Many people – with a little justification, I suppose – think that London Historians spend all their time in the pub. This post focuses on this side of our activities.
We have already covered History in the Pub: Tudor London in Part 1. After that, we did one in partnership with Wellcome Library entitled Sex and the City: the STDs of Old London, presented by Dr Lesley Hall.
Our next History in the Pub addressed the topic of the London Street Poor and featured Professor Tim Hitchcock from University of Sussex, plus Simon Fowler (latterly National Archives) and David Thomas (National Archives).
The Coroner’s Inquest and the Petty Sessions.
Probably the best pub-based event we’ve done to date were historic re-enactments of the Georgian magistrate’s court. They were held upstairs at the George in the Strand. We presented actual cases from history, researched and scripted by historians from the University of Hertfordshire, led by Professor Owen Davies, and then presented by professional actors. A triumph! Our report, but here are a few pictures. I’m especially proud of this project.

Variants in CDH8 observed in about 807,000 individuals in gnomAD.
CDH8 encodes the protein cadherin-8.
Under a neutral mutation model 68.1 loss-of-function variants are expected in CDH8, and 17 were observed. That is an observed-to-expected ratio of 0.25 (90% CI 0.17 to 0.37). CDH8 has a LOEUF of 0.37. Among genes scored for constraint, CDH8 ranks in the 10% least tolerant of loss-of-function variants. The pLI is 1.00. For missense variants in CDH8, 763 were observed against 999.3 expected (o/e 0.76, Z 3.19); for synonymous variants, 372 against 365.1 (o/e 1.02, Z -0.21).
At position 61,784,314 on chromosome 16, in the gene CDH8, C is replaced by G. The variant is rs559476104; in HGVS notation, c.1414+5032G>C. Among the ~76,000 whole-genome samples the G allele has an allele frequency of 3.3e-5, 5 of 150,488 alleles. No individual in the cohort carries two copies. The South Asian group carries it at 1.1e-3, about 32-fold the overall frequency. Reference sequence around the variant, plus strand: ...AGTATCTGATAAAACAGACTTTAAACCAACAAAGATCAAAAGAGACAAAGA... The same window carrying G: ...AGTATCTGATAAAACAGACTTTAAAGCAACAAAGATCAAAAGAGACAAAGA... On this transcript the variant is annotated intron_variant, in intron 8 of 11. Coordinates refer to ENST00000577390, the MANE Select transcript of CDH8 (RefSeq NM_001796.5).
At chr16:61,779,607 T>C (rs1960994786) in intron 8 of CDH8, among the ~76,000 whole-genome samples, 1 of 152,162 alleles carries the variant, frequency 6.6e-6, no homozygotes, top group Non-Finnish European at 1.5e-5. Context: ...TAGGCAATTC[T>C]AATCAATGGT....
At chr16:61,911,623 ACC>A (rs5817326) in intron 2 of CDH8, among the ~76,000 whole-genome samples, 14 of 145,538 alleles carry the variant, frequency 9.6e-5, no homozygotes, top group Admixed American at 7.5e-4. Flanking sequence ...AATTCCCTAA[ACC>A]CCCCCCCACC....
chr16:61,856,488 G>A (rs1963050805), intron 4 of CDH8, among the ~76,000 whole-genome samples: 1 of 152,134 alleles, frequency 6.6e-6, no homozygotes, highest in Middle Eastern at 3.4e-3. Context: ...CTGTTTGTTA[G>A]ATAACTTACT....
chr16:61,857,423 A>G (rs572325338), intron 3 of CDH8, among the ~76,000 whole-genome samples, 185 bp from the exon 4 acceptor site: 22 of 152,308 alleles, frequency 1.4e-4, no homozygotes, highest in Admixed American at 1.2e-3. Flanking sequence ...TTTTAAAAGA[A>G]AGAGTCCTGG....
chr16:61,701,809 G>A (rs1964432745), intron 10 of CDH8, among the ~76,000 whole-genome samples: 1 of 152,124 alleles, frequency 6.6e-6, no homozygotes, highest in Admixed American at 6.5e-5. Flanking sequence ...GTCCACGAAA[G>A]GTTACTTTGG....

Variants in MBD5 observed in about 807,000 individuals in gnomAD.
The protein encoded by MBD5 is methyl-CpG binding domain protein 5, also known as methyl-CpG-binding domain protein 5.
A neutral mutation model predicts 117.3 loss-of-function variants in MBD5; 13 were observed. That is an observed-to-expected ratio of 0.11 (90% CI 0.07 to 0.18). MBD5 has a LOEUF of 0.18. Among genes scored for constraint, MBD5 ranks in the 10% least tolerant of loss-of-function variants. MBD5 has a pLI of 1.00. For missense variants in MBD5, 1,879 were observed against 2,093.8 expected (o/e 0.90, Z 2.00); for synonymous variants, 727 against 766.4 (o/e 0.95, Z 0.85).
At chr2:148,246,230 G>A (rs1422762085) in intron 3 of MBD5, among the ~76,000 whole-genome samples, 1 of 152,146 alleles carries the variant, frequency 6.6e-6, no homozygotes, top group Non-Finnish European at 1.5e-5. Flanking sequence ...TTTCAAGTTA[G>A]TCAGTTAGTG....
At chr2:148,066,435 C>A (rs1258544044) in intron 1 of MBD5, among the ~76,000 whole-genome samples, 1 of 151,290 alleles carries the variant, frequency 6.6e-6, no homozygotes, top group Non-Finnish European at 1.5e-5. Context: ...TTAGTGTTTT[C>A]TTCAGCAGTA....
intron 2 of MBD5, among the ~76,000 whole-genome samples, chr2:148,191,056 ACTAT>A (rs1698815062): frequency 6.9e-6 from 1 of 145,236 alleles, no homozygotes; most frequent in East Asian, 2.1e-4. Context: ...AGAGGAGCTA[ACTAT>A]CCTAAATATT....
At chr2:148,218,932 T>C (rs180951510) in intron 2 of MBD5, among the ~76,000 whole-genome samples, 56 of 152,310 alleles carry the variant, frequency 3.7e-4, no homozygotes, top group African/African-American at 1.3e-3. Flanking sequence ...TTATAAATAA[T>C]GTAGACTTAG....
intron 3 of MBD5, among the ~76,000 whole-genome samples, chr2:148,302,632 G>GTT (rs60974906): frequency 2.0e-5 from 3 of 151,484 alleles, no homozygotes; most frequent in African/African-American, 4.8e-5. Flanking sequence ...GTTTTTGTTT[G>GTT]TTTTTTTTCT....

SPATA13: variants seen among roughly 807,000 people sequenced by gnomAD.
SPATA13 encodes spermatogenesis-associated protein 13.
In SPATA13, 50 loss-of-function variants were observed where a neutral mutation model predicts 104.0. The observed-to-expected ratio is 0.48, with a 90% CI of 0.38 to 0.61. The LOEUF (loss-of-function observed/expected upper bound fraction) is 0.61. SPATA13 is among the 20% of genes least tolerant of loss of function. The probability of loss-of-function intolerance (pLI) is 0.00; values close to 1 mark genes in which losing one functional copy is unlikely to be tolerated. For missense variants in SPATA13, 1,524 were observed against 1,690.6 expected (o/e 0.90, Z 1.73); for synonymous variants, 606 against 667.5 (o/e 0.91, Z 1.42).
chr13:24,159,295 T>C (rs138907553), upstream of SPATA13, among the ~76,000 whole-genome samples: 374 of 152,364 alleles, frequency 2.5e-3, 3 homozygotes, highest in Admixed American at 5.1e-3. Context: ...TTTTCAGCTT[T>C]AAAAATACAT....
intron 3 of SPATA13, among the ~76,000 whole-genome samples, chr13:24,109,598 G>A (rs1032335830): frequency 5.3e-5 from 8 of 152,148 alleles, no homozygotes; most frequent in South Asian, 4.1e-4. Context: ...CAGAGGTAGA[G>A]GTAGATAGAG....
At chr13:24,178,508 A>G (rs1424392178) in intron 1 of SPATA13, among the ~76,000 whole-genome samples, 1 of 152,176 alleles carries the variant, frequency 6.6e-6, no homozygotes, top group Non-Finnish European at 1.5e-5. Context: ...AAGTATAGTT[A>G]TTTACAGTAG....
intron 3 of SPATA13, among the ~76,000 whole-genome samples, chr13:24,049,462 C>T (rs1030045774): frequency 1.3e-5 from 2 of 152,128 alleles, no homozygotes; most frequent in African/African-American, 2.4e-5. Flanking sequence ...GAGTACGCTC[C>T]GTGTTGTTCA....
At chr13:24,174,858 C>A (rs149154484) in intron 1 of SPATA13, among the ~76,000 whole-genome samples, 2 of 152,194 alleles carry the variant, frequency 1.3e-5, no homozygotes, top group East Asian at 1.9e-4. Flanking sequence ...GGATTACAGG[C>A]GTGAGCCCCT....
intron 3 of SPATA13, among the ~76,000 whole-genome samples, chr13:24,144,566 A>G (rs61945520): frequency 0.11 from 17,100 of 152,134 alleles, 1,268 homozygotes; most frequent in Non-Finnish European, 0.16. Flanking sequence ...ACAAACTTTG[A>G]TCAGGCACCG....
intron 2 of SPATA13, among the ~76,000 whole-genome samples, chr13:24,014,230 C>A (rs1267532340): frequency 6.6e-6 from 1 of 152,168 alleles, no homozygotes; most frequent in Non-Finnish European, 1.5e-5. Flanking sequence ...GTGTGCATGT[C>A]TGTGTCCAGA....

This is entirely my fault, but some people get confused between History in the Pub – an evening of talks normally held in Spitalfields – and Monthly Pub Meet, which happens every first Wednesday of every month in Victoria (at time of writing). The latter is simply a social occasion at which Members and non-Members alike are welcome. A lot of networking, collaboration, friend-making and drinking goes on. Typically, we’ll get up to 40 folks turn up for that. The full schedule for 2014 is here, although note, we’ll be doing January 8th rather than 1st, for commonsense reasons.
Here are some pictures.